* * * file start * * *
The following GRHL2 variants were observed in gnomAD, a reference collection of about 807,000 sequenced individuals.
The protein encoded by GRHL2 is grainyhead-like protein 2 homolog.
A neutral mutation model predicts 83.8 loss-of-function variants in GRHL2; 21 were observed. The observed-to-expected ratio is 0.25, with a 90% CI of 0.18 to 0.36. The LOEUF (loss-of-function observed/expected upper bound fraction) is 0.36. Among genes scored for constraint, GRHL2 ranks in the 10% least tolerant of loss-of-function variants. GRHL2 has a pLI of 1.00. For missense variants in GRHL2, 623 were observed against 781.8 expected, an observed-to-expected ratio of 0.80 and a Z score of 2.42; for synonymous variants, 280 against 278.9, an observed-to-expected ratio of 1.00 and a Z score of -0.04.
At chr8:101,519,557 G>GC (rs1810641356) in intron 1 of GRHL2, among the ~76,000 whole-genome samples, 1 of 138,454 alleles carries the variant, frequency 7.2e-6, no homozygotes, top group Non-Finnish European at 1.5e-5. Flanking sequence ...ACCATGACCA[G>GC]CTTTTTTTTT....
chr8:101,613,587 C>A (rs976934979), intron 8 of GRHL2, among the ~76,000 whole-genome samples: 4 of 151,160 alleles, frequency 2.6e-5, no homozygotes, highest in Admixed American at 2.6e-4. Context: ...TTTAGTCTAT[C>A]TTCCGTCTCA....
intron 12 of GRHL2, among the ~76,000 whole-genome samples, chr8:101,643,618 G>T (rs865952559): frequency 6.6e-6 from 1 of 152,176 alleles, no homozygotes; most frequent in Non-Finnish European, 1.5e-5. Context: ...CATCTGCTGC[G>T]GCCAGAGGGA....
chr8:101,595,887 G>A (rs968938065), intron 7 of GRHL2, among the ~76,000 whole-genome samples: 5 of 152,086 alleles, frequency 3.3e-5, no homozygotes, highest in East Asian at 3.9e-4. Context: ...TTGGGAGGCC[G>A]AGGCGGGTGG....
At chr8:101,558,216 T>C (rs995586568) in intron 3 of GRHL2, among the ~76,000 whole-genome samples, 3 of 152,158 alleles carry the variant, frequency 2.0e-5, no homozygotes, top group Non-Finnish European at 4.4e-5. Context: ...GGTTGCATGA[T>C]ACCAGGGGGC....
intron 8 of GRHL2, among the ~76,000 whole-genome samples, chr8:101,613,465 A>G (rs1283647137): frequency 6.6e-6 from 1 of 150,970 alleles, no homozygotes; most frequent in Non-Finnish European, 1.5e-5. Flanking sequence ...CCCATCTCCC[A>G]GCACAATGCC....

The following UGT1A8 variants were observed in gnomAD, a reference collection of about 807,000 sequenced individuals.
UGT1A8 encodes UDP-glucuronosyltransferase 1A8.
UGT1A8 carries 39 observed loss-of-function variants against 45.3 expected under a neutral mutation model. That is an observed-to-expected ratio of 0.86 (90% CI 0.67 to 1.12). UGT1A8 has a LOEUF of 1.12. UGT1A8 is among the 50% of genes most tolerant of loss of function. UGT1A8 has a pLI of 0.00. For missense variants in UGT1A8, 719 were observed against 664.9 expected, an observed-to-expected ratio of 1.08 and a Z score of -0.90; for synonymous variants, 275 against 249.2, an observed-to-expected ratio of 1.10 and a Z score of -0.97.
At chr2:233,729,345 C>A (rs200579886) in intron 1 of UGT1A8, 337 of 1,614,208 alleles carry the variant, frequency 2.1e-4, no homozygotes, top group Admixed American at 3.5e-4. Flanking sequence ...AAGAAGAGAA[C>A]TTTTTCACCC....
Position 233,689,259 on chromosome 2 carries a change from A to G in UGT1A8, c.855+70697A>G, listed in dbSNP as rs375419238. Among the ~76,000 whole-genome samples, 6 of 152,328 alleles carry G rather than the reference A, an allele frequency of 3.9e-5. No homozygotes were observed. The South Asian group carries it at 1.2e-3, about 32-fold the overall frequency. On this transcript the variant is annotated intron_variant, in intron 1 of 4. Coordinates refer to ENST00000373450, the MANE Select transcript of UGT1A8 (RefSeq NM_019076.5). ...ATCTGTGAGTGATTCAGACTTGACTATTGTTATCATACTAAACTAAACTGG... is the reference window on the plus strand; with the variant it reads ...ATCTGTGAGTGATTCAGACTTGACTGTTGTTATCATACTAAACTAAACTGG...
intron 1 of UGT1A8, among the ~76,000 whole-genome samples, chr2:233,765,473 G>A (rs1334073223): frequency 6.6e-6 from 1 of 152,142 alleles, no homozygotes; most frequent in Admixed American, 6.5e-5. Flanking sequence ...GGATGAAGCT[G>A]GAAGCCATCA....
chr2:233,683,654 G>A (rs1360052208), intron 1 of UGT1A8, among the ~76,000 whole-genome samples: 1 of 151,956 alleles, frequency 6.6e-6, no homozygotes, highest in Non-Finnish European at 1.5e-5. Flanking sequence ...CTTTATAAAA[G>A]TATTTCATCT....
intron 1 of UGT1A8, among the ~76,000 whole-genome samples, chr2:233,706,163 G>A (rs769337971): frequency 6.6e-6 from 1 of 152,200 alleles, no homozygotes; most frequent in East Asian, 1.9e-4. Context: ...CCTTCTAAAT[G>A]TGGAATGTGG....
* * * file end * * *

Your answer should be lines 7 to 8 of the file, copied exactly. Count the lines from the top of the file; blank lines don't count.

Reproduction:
chr8:101,595,887 G>A (rs968938065), intron 7 of GRHL2, among the ~76,000 whole-genome samples: 5 of 152,086 alleles, frequency 3.3e-5, no homozygotes, highest in East Asian at 3.9e-4. Context: ...TTGGGAGGCC[G>A]AGGCGGGTGG....
At chr8:101,558,216 T>C (rs995586568) in intron 3 of GRHL2, among the ~76,000 whole-genome samples, 3 of 152,158 alleles carry the variant, frequency 2.0e-5, no homozygotes, top group Non-Finnish European at 4.4e-5. Context: ...GGTTGCATGA[T>C]ACCAGGGGGC....